Rolling Stone reported on December 30, 2013 that Beyonce has responded to the expressions of outrage that has been sparked by her inclusion of audio from the Challenger disaster in her latest music video, “XO.”
She claimed that her heart “goes out to the families of those lost in the Challenger disaster” and that “The song ‘XO’ was recorded with the sincerest intention to help heal those who have lost loved ones and to remind us that unexpected things happen, so love and appreciate every minute that you have with those who mean the most to you." She insisted that the inclusion of the audio was meant as a tribute to those who died in the Challenger disaster.
The space shuttle Challenger was destroyed 72 seconds after liftoff when an O ring on one of the solid rocket boosters leaked and ignited the external fuel tank. Among those killed before the eyes of the world was teacher-in-space Christa McAuliffe.
The offending audio was from then NASA public affairs officer Steve Nesbitt, which ended with the chilling words, “Obviously a major malfunction.”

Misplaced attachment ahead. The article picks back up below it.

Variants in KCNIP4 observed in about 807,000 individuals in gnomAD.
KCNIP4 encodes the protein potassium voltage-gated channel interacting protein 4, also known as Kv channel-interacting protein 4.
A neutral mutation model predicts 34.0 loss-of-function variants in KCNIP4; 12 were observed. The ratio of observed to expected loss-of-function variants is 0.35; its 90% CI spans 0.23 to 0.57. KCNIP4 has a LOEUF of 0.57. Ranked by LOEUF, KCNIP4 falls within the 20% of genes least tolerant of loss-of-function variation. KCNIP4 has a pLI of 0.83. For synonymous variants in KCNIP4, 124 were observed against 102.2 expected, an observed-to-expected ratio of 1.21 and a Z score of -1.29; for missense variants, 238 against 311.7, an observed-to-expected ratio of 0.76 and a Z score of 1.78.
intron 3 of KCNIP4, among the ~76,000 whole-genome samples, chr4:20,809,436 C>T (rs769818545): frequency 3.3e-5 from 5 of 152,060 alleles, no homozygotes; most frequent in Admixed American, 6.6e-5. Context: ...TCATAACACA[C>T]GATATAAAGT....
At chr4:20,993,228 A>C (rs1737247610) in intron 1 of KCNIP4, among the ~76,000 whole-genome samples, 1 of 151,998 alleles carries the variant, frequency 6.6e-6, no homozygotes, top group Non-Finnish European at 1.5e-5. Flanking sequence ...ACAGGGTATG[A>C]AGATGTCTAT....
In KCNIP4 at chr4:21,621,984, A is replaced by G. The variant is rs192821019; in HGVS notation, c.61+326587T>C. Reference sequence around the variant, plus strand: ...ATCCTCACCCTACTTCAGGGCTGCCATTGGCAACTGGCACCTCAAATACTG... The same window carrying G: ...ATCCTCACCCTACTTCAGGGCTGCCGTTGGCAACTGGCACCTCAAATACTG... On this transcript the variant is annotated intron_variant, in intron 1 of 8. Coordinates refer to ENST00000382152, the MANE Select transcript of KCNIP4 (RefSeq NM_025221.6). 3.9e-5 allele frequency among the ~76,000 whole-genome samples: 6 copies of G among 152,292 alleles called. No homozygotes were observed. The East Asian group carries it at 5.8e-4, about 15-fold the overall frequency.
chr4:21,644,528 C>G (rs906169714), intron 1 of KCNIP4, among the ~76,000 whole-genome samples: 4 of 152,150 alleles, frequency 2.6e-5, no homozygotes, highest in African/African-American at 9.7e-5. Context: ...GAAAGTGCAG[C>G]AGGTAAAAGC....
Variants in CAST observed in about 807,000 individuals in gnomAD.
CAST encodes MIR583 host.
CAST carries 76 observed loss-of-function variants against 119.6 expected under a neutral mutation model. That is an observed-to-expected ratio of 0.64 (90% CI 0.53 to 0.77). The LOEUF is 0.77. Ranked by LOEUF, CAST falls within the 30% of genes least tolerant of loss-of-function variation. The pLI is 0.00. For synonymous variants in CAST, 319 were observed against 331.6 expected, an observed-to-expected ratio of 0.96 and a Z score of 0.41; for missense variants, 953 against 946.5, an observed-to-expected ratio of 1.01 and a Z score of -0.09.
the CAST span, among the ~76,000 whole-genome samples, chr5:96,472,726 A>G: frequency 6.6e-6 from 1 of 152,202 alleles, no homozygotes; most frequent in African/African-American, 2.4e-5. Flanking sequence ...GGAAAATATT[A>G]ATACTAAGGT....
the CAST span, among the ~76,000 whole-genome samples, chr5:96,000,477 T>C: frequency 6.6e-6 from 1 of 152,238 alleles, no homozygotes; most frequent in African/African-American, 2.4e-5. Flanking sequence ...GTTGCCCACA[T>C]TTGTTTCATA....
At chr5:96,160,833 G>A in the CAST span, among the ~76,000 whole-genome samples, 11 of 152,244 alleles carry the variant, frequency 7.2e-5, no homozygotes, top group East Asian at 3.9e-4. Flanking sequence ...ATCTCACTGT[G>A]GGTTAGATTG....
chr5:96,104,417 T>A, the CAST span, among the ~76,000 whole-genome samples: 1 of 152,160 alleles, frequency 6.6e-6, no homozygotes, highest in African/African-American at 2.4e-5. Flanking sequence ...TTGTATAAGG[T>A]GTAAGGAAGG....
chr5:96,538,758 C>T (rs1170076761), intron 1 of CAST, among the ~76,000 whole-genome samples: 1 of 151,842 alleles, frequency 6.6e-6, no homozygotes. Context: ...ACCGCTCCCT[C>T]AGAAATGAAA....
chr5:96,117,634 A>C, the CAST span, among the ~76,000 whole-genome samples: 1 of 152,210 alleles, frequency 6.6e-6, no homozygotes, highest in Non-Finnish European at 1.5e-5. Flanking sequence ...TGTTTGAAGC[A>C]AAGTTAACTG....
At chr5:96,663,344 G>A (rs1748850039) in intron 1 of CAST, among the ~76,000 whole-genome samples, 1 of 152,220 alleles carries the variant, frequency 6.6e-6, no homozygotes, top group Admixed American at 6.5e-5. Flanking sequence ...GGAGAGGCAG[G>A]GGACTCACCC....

Whatever the intentions of Beyonce and her music producers, the inclusion of the audio has been taken to be exploitive rather than a tribute. Even after almost 30 years after the death of the death of the Challenger and her crew, the shock of the tragedy still runs raw with the NASA family.
The controversy surrounding the Beyonce video comes on the heels of a similar incident in which a political cartoonist named Michael Rameriz used the image of the Challenger disaster to mock the attempts by the Obama administration to downplay in disastrous rollout of Obamacare.